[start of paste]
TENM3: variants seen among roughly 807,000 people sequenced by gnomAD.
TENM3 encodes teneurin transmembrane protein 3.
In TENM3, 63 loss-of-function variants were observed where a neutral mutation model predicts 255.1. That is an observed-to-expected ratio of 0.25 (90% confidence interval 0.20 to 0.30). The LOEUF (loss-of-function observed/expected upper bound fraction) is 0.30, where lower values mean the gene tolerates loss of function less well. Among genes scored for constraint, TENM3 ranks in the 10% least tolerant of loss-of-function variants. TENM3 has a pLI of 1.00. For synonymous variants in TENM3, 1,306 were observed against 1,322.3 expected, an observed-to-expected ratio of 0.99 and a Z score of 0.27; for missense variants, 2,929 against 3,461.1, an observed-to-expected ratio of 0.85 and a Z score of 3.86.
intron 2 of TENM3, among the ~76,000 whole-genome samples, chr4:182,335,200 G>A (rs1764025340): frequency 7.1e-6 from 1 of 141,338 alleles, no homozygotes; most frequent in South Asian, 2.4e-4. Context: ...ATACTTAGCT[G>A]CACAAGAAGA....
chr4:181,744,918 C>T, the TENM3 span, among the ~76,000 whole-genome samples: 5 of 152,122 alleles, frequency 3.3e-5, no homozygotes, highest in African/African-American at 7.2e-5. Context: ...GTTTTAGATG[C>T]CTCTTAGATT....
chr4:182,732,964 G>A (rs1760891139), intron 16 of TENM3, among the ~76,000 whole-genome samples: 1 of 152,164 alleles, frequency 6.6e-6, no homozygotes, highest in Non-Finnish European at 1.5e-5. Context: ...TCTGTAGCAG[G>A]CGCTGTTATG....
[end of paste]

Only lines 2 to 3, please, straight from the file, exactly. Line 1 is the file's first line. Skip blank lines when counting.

TENM3 encodes teneurin transmembrane protein 3.
In TENM3, 63 loss-of-function variants were observed where a neutral mutation model predicts 255.1. That is an observed-to-expected ratio of 0.25 (90% confidence interval 0.20 to 0.30). The LOEUF (loss-of-function observed/expected upper bound fraction) is 0.30, where lower values mean the gene tolerates loss of function less well. Among genes scored for constraint, TENM3 ranks in the 10% least tolerant of loss-of-function variants. TENM3 has a pLI of 1.00. For synonymous variants in TENM3, 1,306 were observed against 1,322.3 expected, an observed-to-expected ratio of 0.99 and a Z score of 0.27; for missense variants, 2,929 against 3,461.1, an observed-to-expected ratio of 0.85 and a Z score of 3.86.